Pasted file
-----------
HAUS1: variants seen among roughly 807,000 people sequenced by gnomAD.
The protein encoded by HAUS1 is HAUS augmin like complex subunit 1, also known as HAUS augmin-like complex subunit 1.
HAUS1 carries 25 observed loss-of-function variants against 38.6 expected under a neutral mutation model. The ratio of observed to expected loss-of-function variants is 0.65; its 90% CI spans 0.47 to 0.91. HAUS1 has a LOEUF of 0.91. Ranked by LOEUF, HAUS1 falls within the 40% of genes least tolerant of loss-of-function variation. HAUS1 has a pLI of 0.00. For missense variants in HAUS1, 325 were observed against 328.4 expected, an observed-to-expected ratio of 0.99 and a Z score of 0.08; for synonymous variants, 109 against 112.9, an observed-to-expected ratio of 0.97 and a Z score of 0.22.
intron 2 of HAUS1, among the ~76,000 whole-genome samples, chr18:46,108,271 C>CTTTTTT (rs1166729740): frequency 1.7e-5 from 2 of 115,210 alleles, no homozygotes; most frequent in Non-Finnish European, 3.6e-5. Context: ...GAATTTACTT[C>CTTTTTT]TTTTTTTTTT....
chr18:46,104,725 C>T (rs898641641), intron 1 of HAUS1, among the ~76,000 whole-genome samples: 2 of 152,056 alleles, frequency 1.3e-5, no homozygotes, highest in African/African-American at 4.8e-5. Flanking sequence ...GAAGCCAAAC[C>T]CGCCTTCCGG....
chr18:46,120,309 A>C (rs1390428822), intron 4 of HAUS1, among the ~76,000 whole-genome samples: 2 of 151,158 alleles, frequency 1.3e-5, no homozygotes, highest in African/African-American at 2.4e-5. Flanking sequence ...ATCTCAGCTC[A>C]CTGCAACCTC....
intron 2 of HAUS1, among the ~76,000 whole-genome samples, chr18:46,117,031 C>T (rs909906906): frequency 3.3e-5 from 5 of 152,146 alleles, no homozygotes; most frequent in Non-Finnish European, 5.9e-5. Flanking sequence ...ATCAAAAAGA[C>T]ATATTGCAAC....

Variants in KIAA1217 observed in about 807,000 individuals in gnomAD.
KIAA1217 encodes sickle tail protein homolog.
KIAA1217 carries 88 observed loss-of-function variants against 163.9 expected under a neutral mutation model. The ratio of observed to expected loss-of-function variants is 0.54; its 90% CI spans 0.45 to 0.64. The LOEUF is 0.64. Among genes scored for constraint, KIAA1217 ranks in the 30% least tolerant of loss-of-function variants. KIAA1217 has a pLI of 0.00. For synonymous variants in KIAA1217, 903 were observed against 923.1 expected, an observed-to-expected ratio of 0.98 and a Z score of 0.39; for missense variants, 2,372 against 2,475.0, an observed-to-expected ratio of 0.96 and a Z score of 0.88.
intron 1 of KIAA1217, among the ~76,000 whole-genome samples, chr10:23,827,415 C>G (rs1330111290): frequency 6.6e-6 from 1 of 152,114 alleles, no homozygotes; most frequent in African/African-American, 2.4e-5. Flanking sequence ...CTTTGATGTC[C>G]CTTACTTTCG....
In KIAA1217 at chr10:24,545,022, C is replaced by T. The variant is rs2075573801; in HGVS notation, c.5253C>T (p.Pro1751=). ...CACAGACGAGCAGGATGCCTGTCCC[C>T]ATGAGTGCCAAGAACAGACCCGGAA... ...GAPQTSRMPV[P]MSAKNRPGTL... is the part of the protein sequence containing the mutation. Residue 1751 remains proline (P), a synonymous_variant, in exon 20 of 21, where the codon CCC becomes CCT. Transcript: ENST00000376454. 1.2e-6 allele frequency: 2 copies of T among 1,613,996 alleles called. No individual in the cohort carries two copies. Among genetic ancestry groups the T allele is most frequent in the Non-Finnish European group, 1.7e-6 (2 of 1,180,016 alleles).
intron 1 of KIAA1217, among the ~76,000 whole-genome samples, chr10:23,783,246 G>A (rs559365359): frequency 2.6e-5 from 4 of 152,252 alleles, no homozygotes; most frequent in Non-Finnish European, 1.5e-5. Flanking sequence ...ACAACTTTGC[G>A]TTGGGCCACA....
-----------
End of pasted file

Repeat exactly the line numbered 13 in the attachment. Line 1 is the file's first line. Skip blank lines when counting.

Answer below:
intron 1 of KIAA1217, among the ~76,000 whole-genome samples, chr10:23,783,246 G>A (rs559365359): frequency 2.6e-5 from 4 of 152,252 alleles, no homozygotes; most frequent in Non-Finnish European, 1.5e-5. Flanking sequence ...ACAACTTTGC[G>A]TTGGGCCACA....